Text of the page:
“Watch out that no poisonous root of bitterness grows up to trouble you, corrupting many.” Hebrews 12:15b 

If God hadn’t had the audacity to let it smell so badly in my conscience, I could have walked around like black mold, infecting the breathing of everyone near me. In fact, I probably had been doing just that. Letting God rip off the plaster of the walls of my soul was not easy and it’s turned into a bigger job, like my living room, than I expected. In our metaphor, the walls have to remain open until the wood dries, the dehumidifier and fans run constantly and the dust from the plaster looks and feels a bit like The Sahara. Nothing pleasant about either these natural or spiritual situations.

Contractors spray the mold so it cannot live. God’s version of this seems to be much harder. We have to face the sin, let Jesus spray on the forgiveness and then walk it out after He puts everything back together; and there is redemption in both stories which we will save for Part II of this story.

Suffice to say, if something is choking you or some of those near you, beware of the invisible enemy. Like me, it might need a nose different from your own to sniff it out.










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Forgiveness…what if?

What if…every time we are offended, there is a greater lesson?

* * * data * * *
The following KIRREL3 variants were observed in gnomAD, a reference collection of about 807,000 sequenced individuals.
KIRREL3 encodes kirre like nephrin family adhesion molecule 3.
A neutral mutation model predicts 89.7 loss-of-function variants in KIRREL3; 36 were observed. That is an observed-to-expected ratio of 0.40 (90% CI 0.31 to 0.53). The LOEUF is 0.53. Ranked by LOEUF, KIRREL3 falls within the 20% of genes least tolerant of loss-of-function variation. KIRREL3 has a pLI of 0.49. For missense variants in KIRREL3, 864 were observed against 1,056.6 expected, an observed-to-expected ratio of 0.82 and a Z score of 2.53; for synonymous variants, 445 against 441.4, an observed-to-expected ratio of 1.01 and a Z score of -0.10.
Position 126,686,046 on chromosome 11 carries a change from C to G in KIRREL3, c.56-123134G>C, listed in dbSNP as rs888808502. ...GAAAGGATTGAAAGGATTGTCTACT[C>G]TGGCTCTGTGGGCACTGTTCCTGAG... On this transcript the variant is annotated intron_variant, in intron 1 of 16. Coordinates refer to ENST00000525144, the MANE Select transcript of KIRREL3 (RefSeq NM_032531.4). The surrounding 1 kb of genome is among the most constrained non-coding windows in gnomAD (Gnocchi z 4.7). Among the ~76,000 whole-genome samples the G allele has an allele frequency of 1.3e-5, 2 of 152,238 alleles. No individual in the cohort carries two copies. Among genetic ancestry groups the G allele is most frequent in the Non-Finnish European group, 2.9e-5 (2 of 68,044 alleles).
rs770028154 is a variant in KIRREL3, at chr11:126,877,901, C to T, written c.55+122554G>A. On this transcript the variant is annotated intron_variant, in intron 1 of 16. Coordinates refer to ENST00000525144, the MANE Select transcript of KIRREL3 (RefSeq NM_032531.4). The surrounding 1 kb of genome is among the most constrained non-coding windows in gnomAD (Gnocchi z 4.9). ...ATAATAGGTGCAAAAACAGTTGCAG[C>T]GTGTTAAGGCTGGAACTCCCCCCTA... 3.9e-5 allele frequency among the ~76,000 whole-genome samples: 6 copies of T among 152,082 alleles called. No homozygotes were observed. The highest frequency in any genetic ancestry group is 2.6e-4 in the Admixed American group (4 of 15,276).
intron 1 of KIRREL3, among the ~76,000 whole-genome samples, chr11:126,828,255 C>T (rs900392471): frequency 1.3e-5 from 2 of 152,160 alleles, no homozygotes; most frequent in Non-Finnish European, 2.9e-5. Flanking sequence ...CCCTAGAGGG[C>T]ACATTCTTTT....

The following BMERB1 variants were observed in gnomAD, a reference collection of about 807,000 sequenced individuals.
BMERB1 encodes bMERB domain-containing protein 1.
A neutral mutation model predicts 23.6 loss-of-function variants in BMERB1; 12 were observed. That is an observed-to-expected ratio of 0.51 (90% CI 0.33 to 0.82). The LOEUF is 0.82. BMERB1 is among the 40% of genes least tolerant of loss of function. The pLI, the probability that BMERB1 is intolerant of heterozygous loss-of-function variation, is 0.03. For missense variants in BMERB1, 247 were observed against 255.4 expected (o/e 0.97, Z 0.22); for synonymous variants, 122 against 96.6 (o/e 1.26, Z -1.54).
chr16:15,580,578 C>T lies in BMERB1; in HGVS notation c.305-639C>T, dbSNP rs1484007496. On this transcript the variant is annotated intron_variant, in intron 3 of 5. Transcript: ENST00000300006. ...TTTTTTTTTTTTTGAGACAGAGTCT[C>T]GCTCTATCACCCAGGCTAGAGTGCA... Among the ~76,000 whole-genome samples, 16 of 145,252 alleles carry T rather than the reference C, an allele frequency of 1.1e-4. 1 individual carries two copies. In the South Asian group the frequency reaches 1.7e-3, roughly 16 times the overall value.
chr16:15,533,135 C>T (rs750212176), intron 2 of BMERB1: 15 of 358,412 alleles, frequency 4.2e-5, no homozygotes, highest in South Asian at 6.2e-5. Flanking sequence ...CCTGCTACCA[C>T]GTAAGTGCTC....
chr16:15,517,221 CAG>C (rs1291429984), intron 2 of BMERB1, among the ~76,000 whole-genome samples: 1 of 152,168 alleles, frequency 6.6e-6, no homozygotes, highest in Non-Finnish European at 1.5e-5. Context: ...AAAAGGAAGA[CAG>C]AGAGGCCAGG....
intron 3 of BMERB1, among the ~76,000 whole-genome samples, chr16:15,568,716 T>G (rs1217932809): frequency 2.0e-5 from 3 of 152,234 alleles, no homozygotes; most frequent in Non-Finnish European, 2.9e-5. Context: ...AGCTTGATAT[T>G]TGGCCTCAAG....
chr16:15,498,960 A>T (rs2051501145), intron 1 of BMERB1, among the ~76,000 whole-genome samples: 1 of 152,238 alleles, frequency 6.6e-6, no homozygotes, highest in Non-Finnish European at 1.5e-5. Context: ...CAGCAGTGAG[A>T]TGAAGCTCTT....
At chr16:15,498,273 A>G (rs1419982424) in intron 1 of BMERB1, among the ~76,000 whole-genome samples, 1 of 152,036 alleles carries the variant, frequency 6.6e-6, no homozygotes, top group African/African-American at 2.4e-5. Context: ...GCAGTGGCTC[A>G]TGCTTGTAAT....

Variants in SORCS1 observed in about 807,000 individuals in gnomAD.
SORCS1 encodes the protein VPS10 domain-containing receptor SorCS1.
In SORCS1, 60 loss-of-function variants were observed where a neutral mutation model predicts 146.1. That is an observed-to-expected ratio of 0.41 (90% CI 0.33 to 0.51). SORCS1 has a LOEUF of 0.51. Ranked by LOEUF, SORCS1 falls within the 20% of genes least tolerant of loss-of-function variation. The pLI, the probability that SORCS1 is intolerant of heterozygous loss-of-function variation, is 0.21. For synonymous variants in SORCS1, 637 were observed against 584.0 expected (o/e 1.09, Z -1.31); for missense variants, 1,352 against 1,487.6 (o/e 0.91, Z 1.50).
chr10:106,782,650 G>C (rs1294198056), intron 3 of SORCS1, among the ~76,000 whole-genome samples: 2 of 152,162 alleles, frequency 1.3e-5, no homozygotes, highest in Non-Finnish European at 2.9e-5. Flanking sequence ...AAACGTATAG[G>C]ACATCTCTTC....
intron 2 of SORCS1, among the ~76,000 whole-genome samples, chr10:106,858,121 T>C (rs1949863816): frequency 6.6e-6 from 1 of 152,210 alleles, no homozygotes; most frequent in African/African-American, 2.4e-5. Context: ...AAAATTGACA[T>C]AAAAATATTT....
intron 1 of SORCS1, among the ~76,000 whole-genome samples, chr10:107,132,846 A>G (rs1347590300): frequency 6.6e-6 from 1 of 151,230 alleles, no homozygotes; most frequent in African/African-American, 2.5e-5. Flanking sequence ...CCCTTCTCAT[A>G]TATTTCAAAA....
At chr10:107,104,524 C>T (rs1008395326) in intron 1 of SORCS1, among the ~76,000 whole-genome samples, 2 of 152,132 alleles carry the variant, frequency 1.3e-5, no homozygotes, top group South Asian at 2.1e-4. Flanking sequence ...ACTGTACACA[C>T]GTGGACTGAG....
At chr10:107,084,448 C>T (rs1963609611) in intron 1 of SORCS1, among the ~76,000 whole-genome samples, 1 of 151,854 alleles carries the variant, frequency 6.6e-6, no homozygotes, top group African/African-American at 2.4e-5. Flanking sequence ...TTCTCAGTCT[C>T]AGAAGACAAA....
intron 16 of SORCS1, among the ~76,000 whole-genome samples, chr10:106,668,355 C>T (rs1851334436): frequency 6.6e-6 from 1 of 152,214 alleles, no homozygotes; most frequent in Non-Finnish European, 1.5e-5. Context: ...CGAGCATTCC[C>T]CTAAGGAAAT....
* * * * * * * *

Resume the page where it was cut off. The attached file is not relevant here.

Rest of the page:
What if…every person who rubs us the wrong way unintentionally or intentionally could be a surprise package from God?

What if…hurts caused by other people really did open up a new intercessory perspective on the healing they need so they won’t deliver the same blow to another…and another…and another… and possibly another generation?

What if…forgiveness became a workout gym plopped in the middle of our living room?

What if…every time we pumped the irons of forgiveness, we’d recognize our own need for forgiveness from God and others?

What if…every time we forgave, the weight of those same irons actually got lighter or we became stronger as a result of the revelation of how much we’ve been forgiven?

What if…when our arms finally did get strained from others adding more weight to our bars, we’d see the veins of the One who kept allowing more irons on His?

What if…when we finally got to this point, the drops we felt no longer felt like sweat but the very tears of Christ, the spotter who understands how much weight we can bear?